a passion for but uninterested in everything else. I saw the need to
educate myself on the disorder as it would be an advantage to have the
proper knowledge rather than uncertainties. The article helped me
separate myths form facts, list the primary characteristics, symptoms of
inattention, hyperactivity, impulsivity, parenting and school tips. This
framework gave me a basic understanding of the disorders and is a
stepping stone onto discovering more about other disorders and
disabilities children possess so I can be better prepared to teach them.

10. Guskey, T. R. (September 2013). The case against percentage grades. Educational
Leadership, 68-72.
As part of Assessment in Education, I was fortunate to stumble upon this article. From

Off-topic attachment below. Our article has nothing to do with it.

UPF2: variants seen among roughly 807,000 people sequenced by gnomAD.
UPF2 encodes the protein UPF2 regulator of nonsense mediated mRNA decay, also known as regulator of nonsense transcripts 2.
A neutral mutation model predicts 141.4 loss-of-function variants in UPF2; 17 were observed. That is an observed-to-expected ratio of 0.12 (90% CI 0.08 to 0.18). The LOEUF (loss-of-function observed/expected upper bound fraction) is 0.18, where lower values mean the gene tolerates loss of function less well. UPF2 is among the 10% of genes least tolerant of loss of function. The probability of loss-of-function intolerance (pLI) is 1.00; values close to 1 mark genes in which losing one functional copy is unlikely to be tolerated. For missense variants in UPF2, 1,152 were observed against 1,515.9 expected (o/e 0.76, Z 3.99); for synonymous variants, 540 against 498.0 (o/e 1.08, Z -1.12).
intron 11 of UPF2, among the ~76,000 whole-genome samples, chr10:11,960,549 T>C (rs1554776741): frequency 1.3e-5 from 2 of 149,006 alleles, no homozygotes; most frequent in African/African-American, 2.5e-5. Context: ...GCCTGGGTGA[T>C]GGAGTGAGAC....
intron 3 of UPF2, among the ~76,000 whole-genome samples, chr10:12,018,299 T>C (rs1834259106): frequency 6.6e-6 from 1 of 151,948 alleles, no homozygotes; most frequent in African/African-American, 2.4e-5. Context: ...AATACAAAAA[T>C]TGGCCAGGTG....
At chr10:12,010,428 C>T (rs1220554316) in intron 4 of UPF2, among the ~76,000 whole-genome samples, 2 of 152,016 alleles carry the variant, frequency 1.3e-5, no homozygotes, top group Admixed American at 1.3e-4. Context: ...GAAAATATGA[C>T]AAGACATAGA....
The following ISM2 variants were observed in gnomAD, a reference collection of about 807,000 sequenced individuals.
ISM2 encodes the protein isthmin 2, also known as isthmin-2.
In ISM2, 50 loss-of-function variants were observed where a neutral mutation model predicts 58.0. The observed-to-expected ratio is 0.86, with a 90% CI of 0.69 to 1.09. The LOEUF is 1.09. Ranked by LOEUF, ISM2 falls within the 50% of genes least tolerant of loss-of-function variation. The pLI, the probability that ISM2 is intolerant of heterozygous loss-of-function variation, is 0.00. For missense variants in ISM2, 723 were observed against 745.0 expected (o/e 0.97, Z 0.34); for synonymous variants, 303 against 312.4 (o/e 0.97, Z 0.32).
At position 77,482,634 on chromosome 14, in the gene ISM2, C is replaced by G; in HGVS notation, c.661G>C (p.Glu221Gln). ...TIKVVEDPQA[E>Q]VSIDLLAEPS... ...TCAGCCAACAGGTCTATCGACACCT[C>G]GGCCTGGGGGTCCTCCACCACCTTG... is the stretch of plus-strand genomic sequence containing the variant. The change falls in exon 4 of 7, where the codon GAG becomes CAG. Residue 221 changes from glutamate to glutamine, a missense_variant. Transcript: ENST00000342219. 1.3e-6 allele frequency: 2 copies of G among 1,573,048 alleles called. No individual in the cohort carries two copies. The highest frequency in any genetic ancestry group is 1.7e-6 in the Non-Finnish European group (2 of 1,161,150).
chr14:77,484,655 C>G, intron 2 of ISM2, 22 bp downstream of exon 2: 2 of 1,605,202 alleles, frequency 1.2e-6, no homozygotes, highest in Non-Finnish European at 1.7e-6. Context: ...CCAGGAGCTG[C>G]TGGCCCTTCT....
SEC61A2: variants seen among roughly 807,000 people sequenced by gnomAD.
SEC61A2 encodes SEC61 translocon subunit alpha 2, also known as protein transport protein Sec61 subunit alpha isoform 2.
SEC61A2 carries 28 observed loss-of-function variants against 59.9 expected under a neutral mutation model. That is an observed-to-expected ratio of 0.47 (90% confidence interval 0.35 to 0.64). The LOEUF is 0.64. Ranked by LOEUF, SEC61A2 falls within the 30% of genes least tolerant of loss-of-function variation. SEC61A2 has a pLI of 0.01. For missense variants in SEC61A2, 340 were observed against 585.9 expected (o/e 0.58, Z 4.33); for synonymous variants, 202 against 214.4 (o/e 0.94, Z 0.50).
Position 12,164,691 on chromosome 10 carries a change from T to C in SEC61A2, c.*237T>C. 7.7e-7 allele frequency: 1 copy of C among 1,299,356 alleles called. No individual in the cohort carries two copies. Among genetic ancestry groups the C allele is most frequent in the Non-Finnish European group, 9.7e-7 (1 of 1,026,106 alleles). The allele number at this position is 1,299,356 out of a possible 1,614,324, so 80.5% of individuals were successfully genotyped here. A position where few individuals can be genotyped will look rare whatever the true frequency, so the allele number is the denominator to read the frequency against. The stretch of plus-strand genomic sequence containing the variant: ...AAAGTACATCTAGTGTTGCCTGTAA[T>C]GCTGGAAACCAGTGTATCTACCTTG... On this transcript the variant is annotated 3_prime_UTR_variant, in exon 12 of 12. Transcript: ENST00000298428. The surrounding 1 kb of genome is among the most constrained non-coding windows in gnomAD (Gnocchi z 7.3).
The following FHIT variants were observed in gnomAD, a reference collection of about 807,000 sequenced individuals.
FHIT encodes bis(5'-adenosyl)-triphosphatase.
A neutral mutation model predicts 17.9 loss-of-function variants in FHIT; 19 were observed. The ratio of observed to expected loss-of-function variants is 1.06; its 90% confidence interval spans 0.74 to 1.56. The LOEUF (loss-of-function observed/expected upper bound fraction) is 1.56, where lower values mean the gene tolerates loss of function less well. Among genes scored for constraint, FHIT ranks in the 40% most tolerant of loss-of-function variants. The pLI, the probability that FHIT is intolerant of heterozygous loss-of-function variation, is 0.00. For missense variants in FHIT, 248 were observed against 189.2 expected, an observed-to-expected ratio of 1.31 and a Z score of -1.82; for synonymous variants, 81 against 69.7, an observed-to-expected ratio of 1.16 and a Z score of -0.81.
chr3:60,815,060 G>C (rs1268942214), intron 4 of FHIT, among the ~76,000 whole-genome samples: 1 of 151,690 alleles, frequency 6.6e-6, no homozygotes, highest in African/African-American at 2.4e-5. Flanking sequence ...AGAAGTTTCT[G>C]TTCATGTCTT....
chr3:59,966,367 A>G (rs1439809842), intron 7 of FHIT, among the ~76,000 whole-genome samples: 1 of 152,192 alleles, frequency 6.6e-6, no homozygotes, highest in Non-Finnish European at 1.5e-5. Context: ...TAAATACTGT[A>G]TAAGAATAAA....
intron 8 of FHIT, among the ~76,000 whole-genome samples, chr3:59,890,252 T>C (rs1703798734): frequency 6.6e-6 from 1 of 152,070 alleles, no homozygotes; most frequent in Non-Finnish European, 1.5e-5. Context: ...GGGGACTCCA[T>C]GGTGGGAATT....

teaching in a culture where percentages and grades are what labels a child, I found this article
very interesting. This article outlines the problems of awarding students percentages and
grades and how it affects them and provides an alternative rubric, 0-4, which can be used to
as an integer grading system. This article has changed my perception about percentages
grades to the extent that I use rubric of 0-4 when marking students work throughout the term,
where 0 is unsatisfactory performance and 4 is a distinguished performance.

11. Marzano, R. J., Pickering, D., & Pollock, J. E. (2001). Classroom instruction
that works: Research-based strategies for increasing student

achievement. Alexandria, VA: Association for Supervision and Curriculum


Development.

12.Kolin, P. C. (2006). Successful writing at work. S.l.: Houghton Mifflin


Harcourt.